Take a (virtual) detour

When people ask, “how do technology and the internet help you to do what you do?”, I usually find myself going down the usual route and say “well, I do a lot of my research online, and technology helps me to connect to people and reach out…” blablabla … but I only recently went beyond my existing tools of skype calls/meetings (which I do for supervision), the good old email, and the occasional online course: vlogging software meets academia!

I’ve always disliked virtual talks. Almost all of them make me re-live memories of trying not to fall asleep during over-head projector presentations at school. That was the latest technological kit at the time (yes, I know, I’m old…!), and almost no one really knew how to use it well. From everything on one slide, to layering slides and ploughing through the material no matter if students were able to follow or not – we’ve seen it all (perhaps in its more recent incarnation: ‘death by powerpoint’). Virtual talks brought those memories back to me… and not in a good way. Often I’ve found myself having to look at slides upon slides, none of them terribly well designed, and hear a voice mumbling somewhere in the background – while I’m fighting the mad urge to go to sleep.

That was until a couple of months ago, when someone thoughtful had the idea to use what is almost standard elsewhere (read: outside of British academia), and apply more current technology to his academic talk. Not only did that person win the best virtual presentation prize, but we were also all on the edge of our seats – despite it being an after-lunch presentation!

What had changed? Well, for one, it was an engaging talk, which would have been pleasant as a live talk, but secondly, we were able to see a talking face and the slides at the same time – and then add some extra effects that are possible in pre-recorded talks but not in live talks. It was rather like a Vlog on Youtube – very engaging! It made me wish for an opportunity to create a virtual talk myself – and I had the opportunity not long after: my very first virtual talk played at my graduate study day a few weeks ago.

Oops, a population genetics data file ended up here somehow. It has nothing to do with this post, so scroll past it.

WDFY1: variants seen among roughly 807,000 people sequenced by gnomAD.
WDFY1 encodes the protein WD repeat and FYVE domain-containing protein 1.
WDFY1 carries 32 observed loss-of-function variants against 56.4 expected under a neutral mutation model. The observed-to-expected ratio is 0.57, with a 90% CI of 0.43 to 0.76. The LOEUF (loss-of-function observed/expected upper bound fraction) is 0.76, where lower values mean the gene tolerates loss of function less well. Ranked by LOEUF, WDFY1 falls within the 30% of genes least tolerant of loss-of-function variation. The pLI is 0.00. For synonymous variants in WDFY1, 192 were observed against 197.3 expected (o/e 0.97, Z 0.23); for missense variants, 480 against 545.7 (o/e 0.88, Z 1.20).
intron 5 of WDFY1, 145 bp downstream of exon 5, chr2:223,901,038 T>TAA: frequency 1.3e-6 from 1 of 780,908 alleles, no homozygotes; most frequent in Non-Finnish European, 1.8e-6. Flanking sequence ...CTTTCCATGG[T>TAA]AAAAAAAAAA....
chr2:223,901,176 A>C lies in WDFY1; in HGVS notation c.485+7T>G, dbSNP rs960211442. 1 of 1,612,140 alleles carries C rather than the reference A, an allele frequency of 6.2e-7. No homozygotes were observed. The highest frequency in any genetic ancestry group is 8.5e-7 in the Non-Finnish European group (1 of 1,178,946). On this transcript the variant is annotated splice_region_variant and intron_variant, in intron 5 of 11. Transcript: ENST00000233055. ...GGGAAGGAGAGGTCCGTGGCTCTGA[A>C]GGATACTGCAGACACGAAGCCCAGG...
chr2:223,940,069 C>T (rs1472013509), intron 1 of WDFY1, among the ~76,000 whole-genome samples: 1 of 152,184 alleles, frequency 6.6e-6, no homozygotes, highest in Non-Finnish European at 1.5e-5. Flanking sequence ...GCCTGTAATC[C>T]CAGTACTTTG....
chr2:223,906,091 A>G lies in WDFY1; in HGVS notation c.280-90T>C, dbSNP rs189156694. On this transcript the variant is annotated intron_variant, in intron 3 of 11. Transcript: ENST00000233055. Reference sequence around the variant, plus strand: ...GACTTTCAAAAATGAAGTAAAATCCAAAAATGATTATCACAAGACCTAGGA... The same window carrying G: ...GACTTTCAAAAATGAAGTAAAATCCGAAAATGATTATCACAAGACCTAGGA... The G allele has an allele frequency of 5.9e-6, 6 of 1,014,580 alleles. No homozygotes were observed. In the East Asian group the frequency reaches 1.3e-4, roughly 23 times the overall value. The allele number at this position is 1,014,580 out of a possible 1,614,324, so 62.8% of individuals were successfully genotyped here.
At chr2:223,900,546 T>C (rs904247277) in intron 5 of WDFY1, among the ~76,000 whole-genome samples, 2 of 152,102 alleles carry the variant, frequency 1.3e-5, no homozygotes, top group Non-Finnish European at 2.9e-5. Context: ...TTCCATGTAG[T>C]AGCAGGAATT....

Creating a virtual presentation of my work enabled me to talk about my results without having to drive (or take the train) for three hours. It also spared me from having to lose my two subsequent days of work to bed rest (my usual recovery time after a short journey). It’s perfect for everyone with a similar condition, or for people with anxiety issues, or other issues that make it hard for them to talk to a bigger crowd in person.

Not everyone is a great public speaker, and sometimes pushing yourself and doing it is the only way to learn it. On the other hand – you shouldn’t feel trapped due your body/condition in our day and age. Live talks aren’t the only way forward. In fact, YouTube shows that they aren’t.

Software packages like Camtasia (Mac and PC) or ScreenFlow (Mac) are great tools to do interesting virtual talks. The interface it pretty similar for both, and both have free trial versions to play with and figure out how to use them.

I’m not particularly tech-savvy, and also – as it appears – not flexible enough in my mind to draw links from what is around me in virtual life to use and apply in my academic life.  Never mind, better late than never!  These programs opened up a new (presentation-) world and opportunity to me. So far, I have only used ScreenFlow, but Camtasia is pretty similar.

So, I had the opportunity to show that despite me not being able to travel (especially in the winter, when a cold gets me down for weeks), I am not invisible and can present my work! I am far from being a pro, but I will definitely keep on trying out and playing with the software. There will be another opportunity soon, I’m sure.

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